A critically-ill boy will have his dream come true on Saturday when he becomes a mascot for his beloved Chelsea.

Daniel Kitt, nine, was born with a rare genetic disorder - chronic granulomatous disease (CGD).

CGD is a disorder of the white blood cells, which means Daniel's do not function properly.

The only cure for CGD is a bone marrow transplant but it has to be a 100 per cent match before the procedure can even be considered.

Sadly, no match has been found for Daniel.

His father David, 42, said: "The only option left open to help Daniel was a new trial called gene replacement therapy. Although gene replacement therapy is not a total cure it is hoped, with further research, it will eventually become one.

"The procedure is similar to a bone marrow transplant but instead of using someone else's stem cells, they chemically try to correct the patient's own."

So last summer, Daniel endured a five-week period in isolation at Great Ormond Street Hospital, London to have the treatment.

During his stay, community nurses from the Snowdrop Trust wrote to Chelsea Football Club to tell them about Daniel.

To Daniel's amazement, Chelsea asked him to be their mascot for the match against Portsmouth at Fratton Park.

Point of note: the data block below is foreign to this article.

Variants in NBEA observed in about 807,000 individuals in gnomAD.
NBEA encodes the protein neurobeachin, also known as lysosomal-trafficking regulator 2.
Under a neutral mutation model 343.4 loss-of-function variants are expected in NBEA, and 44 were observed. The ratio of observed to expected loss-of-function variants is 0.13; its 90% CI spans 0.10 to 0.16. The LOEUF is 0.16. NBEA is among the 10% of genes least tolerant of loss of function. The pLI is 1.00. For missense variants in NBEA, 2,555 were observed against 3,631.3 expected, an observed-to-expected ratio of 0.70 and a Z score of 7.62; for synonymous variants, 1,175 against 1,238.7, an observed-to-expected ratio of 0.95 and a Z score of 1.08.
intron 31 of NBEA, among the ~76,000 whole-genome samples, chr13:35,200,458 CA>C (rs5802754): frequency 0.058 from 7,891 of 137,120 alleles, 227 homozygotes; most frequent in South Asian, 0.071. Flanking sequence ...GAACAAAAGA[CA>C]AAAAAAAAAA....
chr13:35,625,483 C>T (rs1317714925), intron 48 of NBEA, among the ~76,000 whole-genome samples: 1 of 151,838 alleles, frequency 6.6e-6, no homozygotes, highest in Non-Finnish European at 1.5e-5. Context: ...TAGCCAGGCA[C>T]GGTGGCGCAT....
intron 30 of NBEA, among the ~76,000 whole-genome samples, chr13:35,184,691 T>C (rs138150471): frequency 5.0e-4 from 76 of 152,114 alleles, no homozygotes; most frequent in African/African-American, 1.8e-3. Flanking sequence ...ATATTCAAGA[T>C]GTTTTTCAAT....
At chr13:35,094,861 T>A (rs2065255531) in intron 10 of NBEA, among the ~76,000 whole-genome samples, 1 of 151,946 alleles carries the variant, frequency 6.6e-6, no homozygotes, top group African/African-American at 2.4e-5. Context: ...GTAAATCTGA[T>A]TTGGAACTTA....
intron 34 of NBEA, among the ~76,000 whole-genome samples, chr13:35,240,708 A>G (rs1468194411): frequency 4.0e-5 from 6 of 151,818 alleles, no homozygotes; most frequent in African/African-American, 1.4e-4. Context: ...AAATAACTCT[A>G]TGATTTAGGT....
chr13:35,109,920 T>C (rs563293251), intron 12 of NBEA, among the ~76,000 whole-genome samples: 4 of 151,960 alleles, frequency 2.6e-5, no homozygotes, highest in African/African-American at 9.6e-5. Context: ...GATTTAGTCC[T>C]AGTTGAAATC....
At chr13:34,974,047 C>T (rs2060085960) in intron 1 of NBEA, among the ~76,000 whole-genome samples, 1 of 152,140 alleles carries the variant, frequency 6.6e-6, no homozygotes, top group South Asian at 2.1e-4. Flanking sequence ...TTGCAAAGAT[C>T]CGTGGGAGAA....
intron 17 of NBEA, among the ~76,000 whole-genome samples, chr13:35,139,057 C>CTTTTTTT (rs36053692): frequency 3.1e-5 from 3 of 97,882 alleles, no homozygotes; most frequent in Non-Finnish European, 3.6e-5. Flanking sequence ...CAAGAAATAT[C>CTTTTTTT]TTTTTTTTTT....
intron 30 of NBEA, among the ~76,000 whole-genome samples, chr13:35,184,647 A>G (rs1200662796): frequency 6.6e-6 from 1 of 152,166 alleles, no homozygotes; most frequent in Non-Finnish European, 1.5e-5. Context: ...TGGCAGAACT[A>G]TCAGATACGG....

David, of Glenelg Close, Bognor, said: "The news was such a tremendous boost and really lifted his morale in hospital. He has been eagerly awaiting this fixture ever since.

"Daniel has been a Chelsea fan and member like me since he was very young and attends as many games as he can. Daniel loves football and has a broad knowledge of all the players, teams and the game in general."

Daniel, who lives with David, mother Jane, 39, and sister Hannah, 11, has already had one unexpected thrill recently, when Orlando Bloom visited Great Ormond Street.

David said: "It was such a wonderful surprise for Daniel as he loves the Pirate of the Caribbean films. Orlando signed copies of the DVDs Daniel had taken with him into hospital.

"Daniel is an amazing child who has endured so much in his life. He is so brave but remains cheerful and has a terrific sense of humour.

"He has gained the affection of many nurses and doctors over the years, even to the point of nurses arguing over who will be looking after him.

"We are all very proud of Daniel. Through all that he has been through, he never complains and accepts so much of his life either in hospital or taking medicines or having regular blood tests. He deserves his day in the spotlight, leading out the Chelsea team."

Last week his parents were told that even if a bone marrow donor was found, Daniel is not strong enough any more for a transplant as it involves a much stronger dose of chemotherapy.

For more details on CGD, go to www.cgd.org.uk.

To register as a bone marrow donor, go to www.anthonynolan.org.uk.

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